Observing the EHAS-URJC case: symbiosis among ICT4D projects, research and postgraduate teaching
The EHAS Foundation and ICT4D
How can telecommunications help in development? Who benefits from our technology? Is technology neutral? What and which are the real needs?
Let’s be humble and rigorous. Let’s address one only problem and keep working on it for decades, improving and improving… let’s do as much as possible to make telemedicine to be a useful and sustainable development tool for isolated rural areas in Latin America. This is the aim of EHAS Foundation.
The first thing that was done was a problem tree. Then, communication networks were conceived in order to try and solve the different (communication) problems identified. And, over those networks, create, adapt or improve applications to provide medical services. Everything was to be done with a local partner, always.
A core aim has always been sharing and transferring knowledge, learning together.
EHAS usually works in isolated areas, without any kind (or definitely expensive as satellite) of communications infrastructure, and with snail-mail based services. Thus, the idea is to set up broadband appropriate technologies over which run common services.
The Napo Network, for instance, covers 500Km in the Amazon region, from Iquitos to the border between Peru and Equador, and links several primary healthcare centres and healthcare workers.
How is practice, research and teaching in ICT4D put together?
In a first stage, some “just development – no research” solutions are put into practice. They are based in narrow-band communications, with adapted sets of standard solutions. The problem is that these solutions, though technically sexy (e.g. send e-mail via VHF radio) are often unsustainable: they are too difficult to implement, and difficult to use.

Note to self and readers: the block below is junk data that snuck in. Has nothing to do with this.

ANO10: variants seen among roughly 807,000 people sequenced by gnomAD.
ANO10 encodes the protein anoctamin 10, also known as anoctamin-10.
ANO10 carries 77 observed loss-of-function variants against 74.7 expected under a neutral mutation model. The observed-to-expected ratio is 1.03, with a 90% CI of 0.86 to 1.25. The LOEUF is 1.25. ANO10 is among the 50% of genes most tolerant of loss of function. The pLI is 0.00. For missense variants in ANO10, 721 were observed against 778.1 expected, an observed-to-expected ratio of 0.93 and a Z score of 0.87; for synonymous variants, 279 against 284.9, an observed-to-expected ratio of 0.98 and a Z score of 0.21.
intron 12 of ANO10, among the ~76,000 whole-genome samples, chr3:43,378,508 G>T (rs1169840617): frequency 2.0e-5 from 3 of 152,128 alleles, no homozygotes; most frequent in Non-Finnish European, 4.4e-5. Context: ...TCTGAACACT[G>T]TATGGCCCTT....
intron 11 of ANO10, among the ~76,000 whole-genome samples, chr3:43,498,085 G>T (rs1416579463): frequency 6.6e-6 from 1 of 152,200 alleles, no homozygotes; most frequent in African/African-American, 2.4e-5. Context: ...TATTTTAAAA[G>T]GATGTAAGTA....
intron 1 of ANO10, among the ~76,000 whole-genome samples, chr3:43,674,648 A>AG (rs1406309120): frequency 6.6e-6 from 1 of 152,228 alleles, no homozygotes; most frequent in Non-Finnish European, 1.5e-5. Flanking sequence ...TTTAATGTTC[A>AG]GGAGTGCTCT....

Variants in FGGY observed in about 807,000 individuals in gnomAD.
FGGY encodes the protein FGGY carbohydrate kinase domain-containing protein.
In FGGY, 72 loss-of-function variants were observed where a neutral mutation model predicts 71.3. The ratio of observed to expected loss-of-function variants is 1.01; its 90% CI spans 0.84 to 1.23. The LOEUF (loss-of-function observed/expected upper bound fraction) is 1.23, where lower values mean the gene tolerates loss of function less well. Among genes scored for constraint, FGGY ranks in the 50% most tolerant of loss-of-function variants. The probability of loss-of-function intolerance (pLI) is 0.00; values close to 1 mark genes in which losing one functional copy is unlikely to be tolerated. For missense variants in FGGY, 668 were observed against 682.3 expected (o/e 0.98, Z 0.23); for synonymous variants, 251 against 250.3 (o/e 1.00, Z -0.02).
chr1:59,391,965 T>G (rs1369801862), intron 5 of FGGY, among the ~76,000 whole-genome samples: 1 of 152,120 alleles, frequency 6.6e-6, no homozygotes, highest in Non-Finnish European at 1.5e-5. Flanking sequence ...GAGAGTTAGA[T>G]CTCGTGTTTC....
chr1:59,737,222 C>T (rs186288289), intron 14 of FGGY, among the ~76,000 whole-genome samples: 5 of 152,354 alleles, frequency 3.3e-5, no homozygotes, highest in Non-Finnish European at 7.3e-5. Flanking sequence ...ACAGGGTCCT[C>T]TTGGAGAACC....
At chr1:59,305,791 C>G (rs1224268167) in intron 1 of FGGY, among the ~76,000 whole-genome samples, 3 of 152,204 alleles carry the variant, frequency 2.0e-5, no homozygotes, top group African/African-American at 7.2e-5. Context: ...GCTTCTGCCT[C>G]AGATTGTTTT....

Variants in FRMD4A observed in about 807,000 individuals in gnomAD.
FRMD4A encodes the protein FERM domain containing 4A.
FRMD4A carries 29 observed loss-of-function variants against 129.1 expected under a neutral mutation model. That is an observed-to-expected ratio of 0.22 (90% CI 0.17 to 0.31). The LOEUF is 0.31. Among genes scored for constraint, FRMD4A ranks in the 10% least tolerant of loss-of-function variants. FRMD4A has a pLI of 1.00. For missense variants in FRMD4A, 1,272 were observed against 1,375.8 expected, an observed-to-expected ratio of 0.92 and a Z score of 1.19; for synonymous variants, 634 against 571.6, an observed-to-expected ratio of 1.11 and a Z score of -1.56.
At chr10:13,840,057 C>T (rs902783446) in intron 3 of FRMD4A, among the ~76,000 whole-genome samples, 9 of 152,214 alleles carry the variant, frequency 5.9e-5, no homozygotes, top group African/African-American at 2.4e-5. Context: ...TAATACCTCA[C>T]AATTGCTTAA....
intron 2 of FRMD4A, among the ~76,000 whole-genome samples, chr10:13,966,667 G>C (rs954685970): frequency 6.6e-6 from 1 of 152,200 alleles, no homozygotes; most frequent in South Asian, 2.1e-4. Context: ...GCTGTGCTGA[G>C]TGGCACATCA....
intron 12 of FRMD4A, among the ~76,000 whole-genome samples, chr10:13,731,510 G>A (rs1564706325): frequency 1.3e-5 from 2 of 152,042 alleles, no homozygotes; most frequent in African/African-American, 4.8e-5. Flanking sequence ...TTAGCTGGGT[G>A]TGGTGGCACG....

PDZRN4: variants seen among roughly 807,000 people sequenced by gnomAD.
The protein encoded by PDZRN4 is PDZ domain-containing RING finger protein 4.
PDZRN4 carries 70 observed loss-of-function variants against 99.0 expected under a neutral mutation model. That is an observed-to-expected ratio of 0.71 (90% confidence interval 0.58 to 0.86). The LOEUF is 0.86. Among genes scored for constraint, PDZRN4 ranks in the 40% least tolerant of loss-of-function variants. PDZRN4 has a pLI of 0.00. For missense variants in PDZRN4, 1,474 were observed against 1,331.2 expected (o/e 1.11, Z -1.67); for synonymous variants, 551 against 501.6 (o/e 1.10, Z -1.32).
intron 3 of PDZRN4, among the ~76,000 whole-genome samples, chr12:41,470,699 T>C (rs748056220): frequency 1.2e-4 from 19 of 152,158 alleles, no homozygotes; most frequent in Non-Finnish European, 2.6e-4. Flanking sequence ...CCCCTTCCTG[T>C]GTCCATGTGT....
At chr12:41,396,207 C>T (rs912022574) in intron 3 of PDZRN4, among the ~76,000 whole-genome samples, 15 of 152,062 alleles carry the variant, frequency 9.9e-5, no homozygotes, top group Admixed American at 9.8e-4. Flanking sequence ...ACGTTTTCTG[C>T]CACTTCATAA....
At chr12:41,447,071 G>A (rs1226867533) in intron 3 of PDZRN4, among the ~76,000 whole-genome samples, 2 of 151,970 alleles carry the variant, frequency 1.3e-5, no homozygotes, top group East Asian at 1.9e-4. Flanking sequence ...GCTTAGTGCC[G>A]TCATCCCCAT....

On the other end there’s the possibility to wait until ubiquitous solutions brind all common services everywhere. Which, besides illusory, provides little interest.
But once the network is built, the network itself becomes a laboratory: it permits to evaluate technology, improve strategies for sustainability, a shared infrastructure for several purposes, a platform over which to develop new services (tele-stethoscopy, health info-systems, tele-microscopy), etc. Lots of research subjects arise once the technology is put at work.
After 12 years working this way — development, research, development, research, etc. — it was time to share formally, so here came the URJC’s M.Sc. in Telecommunication Networks for Developing Countries. The master provides an excellent framework where M.Sc. theses can be done.
Fifth Annual ICT4D Postgraduate Symposium (2010)
If you need to cite this article in a formal way (i.e. for bibliographical purposes) I dare suggest:
Peña-López, I. (2010) “Fifth Annual ICT4D Postgraduate Symposium (VII). Javier SimÃ³: Observing the EHAS-URJC case: symbiosis among ICT4D projects, research and postgraduate teaching” In ICTlogy,
#84, September 2010. Barcelona: ICTlogy.
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